Determining the Status Quo of Infection Prevention and Control Standards in the Hospitals of Iran: A Case Study in 23 Hospitals


Jalil Shojaee 1 , Mahmood Moosazadeh 2 , *

1 Health Deputy, Mazandaran University of Medical Sciences, Sari, IR Iran

2 Department of Epidemiology, Research Center for Modeling in Health, Institute of Future Studies in Health, Kerman University of Medical Sciences, Kerman, IR Iran

How to Cite: Shojaee J, Moosazadeh M. Determining the Status Quo of Infection Prevention and Control Standards in the Hospitals of Iran: A Case Study in 23 Hospitals, Iran Red Crescent Med J. 2014 ; 16(2):e14965. doi: 10.5812/ircmj.14695.


Iranian Red Crescent Medical Journal: 16 (2); e14965
Published Online: February 5, 2014
Article Type: Research Article
Received: September 7, 2013
Revised: October 3, 2013
Accepted: October 29, 2013




Background: Applying Prevention and Control of Infection (PCI) standards in hospitals reduces probable risks to patients, staff and visitors; it also increases efficiency, and ultimately improves productivity of hospitals.

Objective: The current study aimed to determine the status quo of international standards of PCI in hospitals located in the north of Iran.

Materials and Methods: This cross-sectional study was conducted in 23 hospitals. Data collection tool was a questionnaire with confirmed validity and reliability. . In this regard, 260 managers, section supervisors and infection control nurses participated in the study according to census basis. SPSS software version 16 was employed to analyze the data through descriptive and analytical statistics.

Results: Among the studied hospitals, 18 hospitals were public. Hospitals enjoyed 77.2% of leadership and programming, 80.8% of focus of programs, 67.4% of isolating methods, 88.2% of hand health and protection techniques, 78.8% of improving patient’s safety and quality, 90.3% of training personnel, and 78.7% of the average status quo of PCI standards.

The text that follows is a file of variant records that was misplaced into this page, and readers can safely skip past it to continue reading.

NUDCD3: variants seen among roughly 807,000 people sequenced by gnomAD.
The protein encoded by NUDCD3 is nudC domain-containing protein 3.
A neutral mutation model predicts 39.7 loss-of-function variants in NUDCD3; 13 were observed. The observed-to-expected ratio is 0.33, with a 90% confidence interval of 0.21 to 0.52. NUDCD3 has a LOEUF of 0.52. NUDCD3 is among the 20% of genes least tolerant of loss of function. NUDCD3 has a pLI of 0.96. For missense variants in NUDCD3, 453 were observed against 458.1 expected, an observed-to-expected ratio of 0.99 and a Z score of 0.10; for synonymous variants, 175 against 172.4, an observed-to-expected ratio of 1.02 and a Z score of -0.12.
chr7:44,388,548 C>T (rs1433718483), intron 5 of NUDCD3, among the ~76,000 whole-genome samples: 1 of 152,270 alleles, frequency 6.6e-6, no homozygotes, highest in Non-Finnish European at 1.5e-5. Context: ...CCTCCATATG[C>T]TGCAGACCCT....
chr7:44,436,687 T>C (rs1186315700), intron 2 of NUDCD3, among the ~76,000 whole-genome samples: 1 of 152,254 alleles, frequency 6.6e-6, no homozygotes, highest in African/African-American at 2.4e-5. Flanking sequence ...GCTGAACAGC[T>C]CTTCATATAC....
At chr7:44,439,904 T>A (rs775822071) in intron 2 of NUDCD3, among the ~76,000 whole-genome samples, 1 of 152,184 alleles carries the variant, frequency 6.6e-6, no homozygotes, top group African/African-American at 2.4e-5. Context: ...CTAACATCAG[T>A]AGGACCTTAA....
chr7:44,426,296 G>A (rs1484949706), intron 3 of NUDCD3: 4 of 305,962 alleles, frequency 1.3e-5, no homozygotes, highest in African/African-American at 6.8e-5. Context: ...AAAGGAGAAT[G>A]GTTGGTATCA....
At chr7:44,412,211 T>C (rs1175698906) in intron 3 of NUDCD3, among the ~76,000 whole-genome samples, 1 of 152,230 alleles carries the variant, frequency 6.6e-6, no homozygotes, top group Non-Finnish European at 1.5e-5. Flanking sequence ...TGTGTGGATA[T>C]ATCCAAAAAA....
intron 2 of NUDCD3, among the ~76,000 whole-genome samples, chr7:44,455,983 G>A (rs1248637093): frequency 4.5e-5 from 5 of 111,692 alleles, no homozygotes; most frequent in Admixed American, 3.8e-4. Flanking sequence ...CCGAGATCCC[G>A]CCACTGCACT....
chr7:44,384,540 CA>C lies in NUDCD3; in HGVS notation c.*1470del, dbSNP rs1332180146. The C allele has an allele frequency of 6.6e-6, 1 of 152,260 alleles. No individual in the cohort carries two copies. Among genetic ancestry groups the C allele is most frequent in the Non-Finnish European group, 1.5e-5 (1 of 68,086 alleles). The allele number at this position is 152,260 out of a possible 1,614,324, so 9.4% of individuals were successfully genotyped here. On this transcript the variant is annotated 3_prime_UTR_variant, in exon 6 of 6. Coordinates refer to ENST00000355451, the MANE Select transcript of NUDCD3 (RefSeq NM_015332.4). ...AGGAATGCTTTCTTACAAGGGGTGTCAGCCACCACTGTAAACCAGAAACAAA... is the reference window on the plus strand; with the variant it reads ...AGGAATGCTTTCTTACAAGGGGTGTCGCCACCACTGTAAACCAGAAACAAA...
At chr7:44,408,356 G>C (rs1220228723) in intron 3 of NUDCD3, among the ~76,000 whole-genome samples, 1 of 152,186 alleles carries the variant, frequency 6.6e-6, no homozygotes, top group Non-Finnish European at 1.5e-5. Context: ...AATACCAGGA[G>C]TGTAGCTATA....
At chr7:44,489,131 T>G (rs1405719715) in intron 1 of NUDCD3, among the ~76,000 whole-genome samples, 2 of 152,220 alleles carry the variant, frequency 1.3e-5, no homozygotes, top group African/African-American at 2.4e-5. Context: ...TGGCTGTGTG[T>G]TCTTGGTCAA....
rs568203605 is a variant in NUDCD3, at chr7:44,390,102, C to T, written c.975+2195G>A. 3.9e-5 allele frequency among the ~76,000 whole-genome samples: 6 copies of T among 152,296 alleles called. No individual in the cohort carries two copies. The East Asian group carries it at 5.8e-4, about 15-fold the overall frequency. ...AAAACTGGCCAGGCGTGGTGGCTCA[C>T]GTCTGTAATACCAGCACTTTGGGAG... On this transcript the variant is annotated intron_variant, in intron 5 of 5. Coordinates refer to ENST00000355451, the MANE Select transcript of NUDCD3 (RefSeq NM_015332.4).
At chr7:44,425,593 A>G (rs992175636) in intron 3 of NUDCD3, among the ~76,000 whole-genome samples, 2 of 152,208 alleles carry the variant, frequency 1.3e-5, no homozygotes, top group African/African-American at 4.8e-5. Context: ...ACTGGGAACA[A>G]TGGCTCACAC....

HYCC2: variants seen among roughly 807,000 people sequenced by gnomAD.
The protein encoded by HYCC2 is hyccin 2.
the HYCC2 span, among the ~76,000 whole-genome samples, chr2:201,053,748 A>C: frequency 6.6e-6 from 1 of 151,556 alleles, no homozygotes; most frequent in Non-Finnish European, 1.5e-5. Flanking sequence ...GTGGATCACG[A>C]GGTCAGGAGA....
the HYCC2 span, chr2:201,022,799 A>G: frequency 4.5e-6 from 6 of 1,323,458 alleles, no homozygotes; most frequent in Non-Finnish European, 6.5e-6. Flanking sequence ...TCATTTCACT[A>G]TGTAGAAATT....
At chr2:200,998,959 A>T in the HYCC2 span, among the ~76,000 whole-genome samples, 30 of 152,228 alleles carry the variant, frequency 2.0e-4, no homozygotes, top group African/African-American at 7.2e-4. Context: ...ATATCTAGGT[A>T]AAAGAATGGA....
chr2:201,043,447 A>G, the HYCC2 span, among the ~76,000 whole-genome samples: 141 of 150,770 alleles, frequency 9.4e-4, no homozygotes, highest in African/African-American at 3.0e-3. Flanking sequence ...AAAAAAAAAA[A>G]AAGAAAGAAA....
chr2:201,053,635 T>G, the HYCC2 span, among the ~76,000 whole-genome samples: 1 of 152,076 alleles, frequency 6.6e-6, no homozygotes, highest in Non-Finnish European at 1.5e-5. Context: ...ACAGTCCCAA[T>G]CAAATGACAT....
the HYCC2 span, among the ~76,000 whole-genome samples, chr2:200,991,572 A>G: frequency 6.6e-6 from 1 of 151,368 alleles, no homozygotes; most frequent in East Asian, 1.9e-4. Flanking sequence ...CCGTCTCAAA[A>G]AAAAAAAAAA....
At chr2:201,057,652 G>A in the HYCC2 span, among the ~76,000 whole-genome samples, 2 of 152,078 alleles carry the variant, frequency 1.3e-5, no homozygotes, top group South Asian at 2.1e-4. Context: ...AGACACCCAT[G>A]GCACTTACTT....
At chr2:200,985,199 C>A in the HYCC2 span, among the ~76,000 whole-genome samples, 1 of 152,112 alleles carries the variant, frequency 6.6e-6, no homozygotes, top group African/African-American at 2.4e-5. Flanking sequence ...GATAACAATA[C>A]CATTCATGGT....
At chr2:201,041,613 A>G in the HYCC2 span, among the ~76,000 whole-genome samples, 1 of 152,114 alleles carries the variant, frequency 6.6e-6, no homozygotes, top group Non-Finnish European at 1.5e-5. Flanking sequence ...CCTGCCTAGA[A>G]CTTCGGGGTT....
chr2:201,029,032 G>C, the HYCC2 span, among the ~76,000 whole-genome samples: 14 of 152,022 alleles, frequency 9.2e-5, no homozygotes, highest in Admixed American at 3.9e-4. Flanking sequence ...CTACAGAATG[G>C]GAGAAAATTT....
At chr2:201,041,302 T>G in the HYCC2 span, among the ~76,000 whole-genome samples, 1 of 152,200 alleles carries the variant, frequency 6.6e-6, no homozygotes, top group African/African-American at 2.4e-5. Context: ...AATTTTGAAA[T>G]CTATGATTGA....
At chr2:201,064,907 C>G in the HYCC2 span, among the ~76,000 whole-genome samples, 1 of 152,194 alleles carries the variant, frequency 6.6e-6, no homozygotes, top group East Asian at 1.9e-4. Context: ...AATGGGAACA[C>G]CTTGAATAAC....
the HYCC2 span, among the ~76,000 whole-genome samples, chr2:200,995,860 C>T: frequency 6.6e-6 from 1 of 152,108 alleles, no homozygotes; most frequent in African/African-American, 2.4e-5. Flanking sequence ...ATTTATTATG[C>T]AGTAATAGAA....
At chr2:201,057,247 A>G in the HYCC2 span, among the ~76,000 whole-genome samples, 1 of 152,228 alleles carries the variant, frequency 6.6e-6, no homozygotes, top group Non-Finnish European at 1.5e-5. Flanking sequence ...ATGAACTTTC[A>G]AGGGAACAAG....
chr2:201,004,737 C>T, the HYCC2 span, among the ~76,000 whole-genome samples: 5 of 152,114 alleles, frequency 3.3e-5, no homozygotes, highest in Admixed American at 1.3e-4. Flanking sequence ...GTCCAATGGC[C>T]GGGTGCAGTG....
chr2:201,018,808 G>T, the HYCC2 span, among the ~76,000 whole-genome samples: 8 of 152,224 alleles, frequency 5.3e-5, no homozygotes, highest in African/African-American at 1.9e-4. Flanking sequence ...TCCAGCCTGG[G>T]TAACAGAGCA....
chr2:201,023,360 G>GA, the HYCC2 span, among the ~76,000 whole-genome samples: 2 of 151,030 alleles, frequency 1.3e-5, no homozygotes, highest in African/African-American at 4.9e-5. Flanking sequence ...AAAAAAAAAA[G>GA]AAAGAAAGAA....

Conclusions: This study revealed that PCI standards were significantly observed in the studied hospitals and that there were necessary conditions for full deployment of nosocomial infection surveillance.


Infection Prevention Hospital Accreditation

Copyright © 2014, Iranian Red Crescent Medical Journal. This is an open-access article distributed under the terms of the Creative Commons Attribution-NonCommercial 4.0 International License ( which permits copy and redistribute the material just in noncommercial usages, provided the original work is properly cited.

1. Background

Nosocomial infections are referred to the infections that appear at least 48 to 72 hours after patient’s admission, during hospitalization or after discharge, provided that they don’t exist or incubate at the time of admission (1-4). Reports indicate that only 5-10% of hospitalized patients in industrial developed countries suffer from nosocomial infections, while the rate is 25-30% in developing countries. According to an estimation, annual incidence of nosocomial infections was about 10% (about 2 million) in the United States in 2011 (5-9). It was estimated that the average incidence of nosocomial infections in Iran in 2009 was 10-15%; 10-20% of patients with nosocomial infections died. Moreover, 5.96% of all deaths in hospitals result from nosocomial infections (10). According to the conducted case studies , it has been proved that the level of nosocomial infections is high in Iran; for example, Masoumi Asl et al. (2009) reported that the incidence of nosocomial infections in pediatric intensive care units was 14.7% (11). In a burn center with 182 hospitalized patients, the frequency of nosocomial infections was 75.9% (140 patients) (12). In addition, the incidence of urinary tract infection in 428 patients admitted to pediatric intensive care unit of Tehran Mofid Hospital was 7.2% (13).One of the methods to improve quality and safety in health care organizations is through accreditation which emphasizes the continuous improvement of quality and safety of patients and personnel in order to describe quality of health-treatment services (14).